The long, slow, wonderful rise of fresh-baked bread

March 13, 1994|By Jeffrey Alford and Naomi Duguid | Jeffrey Alford and Naomi Duguid,Eating Well Magazine

Good bread is our bottom line. Our kitchen can run short of fresh vegetables and fruit, or pasta and meat. That's OK. But when we're out of bread, something must be done, and out comes the bread bowl.

Bread is the ultimate fast food. Slice it, toast it or simply tear off a chunk and eat it. Granted, baking good bread is hardly a quick activity, and the best bread takes patience. But if you add up the total number of minutes actively spent making bread (as opposed to the time spent doing other things while it rises and bakes), it is less demanding than many other things we do in the kitchen.

A few years ago, we spent several months in France in search of breads and bread-making traditions. We became fond of a large cottage loaf sold by a boulangere named Madame Risler at the weekly market in Mulhouse. The bread had a thick, chewy crust and a soft, off-white interior.

"Our bread is not au levain [from a starter]," Madame Risler explained. "We like to use a very small amount of dry yeast. We let the dough rise slowly -- for eight hours. . . . That way the flavor of the bread has a chance to develop while still not becoming sour."

Back home in Toronto, we began cutting way back on yeast and allowing for a long, slow period of fermentation at room temperature -- and our family bread was instantly transformed. Not only did the bread have more flavor, but it had better texture and keeping qualities.

Whole-wheat walnut bread

Makes 1 loaf

When working with an entirely whole-wheat bread, remember to knead well -- a good dough will require a full 10 minutes.

2 tablespoons brown sugar, mild honey or malt syrup

1 teaspoon active dry yeast

4 to 5 cups whole-wheat flour

2 teaspoons salt

1 tablespoon walnut or olive oil

3/4 cup chopped walnuts or walnut pieces (3 ounces)

In a large bowl, stir together 2 cups lukewarm water and brown sugar, honey or malt syrup. Sprinkle with yeast and stir until it has dissolved.

Gradually mix in 2 1/2 cups of the flour. Stir the batter 100 times in the same direction (for 1 minute). Cover with plastic wrap and let stand for 1/2 hour or up to 2 hours.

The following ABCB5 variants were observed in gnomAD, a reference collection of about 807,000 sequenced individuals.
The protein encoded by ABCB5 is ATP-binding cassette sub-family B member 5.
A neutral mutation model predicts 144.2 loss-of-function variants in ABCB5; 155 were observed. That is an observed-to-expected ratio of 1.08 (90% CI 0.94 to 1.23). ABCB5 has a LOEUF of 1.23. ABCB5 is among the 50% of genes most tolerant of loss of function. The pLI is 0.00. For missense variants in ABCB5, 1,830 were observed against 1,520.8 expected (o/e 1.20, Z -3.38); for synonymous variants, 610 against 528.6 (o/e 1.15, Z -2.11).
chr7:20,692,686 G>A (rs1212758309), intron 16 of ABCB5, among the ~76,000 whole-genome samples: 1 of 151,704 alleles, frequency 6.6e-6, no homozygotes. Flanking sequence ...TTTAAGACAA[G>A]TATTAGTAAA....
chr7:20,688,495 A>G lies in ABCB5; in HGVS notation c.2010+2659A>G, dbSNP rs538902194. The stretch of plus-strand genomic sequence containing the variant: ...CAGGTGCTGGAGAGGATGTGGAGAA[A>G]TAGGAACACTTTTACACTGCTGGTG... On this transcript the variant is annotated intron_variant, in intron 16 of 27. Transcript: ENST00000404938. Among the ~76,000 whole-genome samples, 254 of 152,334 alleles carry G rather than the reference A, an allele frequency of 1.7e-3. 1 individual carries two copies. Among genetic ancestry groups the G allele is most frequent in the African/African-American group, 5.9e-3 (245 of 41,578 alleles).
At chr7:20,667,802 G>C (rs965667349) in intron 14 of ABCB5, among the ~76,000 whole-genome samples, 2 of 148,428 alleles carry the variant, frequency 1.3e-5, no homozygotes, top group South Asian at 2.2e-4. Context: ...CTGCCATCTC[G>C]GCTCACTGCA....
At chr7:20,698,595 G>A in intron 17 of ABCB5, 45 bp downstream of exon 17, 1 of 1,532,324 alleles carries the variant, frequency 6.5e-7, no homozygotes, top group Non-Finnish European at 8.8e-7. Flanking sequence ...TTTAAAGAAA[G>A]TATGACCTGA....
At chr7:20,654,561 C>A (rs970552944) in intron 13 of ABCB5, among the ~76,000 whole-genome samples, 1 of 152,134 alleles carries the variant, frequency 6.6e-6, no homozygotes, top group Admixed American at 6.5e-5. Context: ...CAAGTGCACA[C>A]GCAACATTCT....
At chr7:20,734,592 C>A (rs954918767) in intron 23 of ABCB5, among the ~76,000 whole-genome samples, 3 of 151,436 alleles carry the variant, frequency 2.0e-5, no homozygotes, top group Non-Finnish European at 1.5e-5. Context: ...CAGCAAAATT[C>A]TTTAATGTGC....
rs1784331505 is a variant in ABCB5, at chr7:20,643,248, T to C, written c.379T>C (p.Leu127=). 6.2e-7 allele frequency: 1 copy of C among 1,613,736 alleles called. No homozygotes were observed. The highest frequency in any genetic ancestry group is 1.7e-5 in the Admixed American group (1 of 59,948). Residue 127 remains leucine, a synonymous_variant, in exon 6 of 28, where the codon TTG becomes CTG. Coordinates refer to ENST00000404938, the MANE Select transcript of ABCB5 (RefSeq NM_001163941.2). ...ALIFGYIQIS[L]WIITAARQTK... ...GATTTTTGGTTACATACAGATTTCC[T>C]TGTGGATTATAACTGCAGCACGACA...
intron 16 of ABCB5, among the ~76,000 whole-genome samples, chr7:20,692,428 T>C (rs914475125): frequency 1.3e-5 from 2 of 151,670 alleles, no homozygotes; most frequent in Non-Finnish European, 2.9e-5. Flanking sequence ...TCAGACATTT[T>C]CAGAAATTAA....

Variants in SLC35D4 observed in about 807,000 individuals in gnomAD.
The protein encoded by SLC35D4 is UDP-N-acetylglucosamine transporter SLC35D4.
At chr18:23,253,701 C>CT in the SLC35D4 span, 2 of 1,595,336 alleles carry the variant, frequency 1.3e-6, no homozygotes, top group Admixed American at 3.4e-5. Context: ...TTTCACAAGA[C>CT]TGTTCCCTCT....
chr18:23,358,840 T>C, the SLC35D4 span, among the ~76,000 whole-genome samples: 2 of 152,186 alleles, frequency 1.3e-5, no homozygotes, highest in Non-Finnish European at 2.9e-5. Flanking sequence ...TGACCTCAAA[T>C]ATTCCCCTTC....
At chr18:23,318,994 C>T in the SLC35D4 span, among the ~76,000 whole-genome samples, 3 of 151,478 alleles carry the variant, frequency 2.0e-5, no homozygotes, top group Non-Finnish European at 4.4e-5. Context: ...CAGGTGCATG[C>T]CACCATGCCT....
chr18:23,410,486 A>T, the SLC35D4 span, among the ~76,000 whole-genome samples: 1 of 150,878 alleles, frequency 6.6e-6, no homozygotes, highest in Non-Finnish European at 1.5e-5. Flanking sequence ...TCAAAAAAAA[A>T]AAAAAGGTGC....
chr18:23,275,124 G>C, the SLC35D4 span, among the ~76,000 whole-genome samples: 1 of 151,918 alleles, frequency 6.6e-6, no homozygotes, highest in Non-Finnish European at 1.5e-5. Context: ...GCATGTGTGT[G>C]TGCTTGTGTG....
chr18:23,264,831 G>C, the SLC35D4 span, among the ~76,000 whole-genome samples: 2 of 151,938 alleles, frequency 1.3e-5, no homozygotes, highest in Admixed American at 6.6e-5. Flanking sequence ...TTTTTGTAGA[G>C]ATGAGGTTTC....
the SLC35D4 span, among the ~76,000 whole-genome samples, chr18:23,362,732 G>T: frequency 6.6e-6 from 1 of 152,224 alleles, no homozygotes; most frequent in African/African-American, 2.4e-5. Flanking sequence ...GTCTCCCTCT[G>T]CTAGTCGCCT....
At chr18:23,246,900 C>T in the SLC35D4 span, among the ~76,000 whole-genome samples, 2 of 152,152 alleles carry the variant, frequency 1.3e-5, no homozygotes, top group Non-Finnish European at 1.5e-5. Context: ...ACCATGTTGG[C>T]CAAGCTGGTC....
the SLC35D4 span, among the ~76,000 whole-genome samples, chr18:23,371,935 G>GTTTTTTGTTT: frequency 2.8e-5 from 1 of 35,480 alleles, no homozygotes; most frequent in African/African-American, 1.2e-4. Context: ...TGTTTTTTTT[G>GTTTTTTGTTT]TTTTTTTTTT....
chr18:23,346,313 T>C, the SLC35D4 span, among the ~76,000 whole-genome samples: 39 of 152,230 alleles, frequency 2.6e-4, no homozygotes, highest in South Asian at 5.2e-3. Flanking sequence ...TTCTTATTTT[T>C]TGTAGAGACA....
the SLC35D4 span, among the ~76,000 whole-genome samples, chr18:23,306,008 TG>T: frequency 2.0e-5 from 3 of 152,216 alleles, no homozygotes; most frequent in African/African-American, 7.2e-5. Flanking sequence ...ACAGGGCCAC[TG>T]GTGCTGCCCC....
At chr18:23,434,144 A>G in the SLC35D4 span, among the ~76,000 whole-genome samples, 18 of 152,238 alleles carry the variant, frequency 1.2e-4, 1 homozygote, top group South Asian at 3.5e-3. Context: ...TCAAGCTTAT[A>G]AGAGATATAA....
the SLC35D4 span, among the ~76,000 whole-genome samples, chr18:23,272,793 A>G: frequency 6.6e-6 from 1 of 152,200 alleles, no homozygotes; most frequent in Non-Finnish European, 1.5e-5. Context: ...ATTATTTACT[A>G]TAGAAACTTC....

Uncover, sprinkle with salt and stir gently. Stir in oil. Then stir in the remaining flour, 1/2 cup at a time, until dough becomes too difficult to stir. Turn the dough onto a well-floured work surface and knead, gradually incorporating more flour as necessary to prevent sticking, until dough is smooth and slightly elastic, 10 to 12 minutes. Place dough in a large, oiled bowl, turn to coat and cover with wrap. Let rise until doubled in volume, 2 to 3 hours.

In a small, dry skillet, toast walnuts, stirring over medium heat for 3 to 4 minutes, until golden and fragrant.

Lightly oil a 5-by-9-inch bread pan. Set aside. Gently punch down the dough and transfer to a lightly floured work surface. Press the dough with your hands into a 10-by-8-inch oval. Sprinkle evenly with the walnuts, then press them lightly into the dough. Starting at one narrow edge, tightly roll up the dough to form a loaf. Pinch edges all along the seam to seal. Place in the bread pan, seam-side down and cover with plastic wrap. Let rise until almost doubled, 45 to 55 minutes.

Meanwhile, place oven rack in lower third of the oven; heat to 400 degrees. Bake for 10 minutes. Reduce heat to 350 degrees and bake until the bread sounds hollow when tapped on the bottom, another 40 to 50 minutes. Transfer the loaf to a wire rack to cool.

Calories per slice: 133; 5 grams protein; 4 grams fat; 22 grams carbohydrate; 239 milligrams sodium; no cholesterol.

Slow-rise family loaf

Makes 1 large or 2 smaller loaves

Inspired by Madame Risler's bread in Alsace, this bread uses very little yeast and can be left to rise overnight.

1 teaspoon sugar

1/2 teaspoon active dry yeast

7 1/2 to 8 1/2 cups unbleached all-purpose or bread flour

1 cup rye flour

1 tablespoon salt

2 tablespoons sesame seeds

In a large bowl, stir together 3 cups lukewarm water and sugar. Sprinkle with yeast and stir until dissolved. One cup at a time, mix in 3 cups of the white flour and the rye flour. Stir the batter 100 times in the same direction (for 1 minute). Cover with plastic wrap and let stand for 1/2 hour or up to 2 hours.

Uncover, sprinkle with salt and stir gently. One cup at a time, stir in remaining white flour until the dough becomes too difficult to stir. Turn the dough onto a well-floured work surface and knead, gradually incorporating more flour as necessary to prevent sticking, until the dough is smooth and slightly elastic, about 10 minutes. Place the dough in a large, oiled bowl, turn to coat and cover with wrap. Let rise until doubled in volume, 8 to 12 hours.

Lightly oil a large baking sheet, sprinkle with 1 tablespoon of the sesame seeds and set aside.

Gently punch down the dough and transfer to a lightly floured work surface. Knead briefly, then press the dough with hands into a rectangle about 1/2 inch thick.

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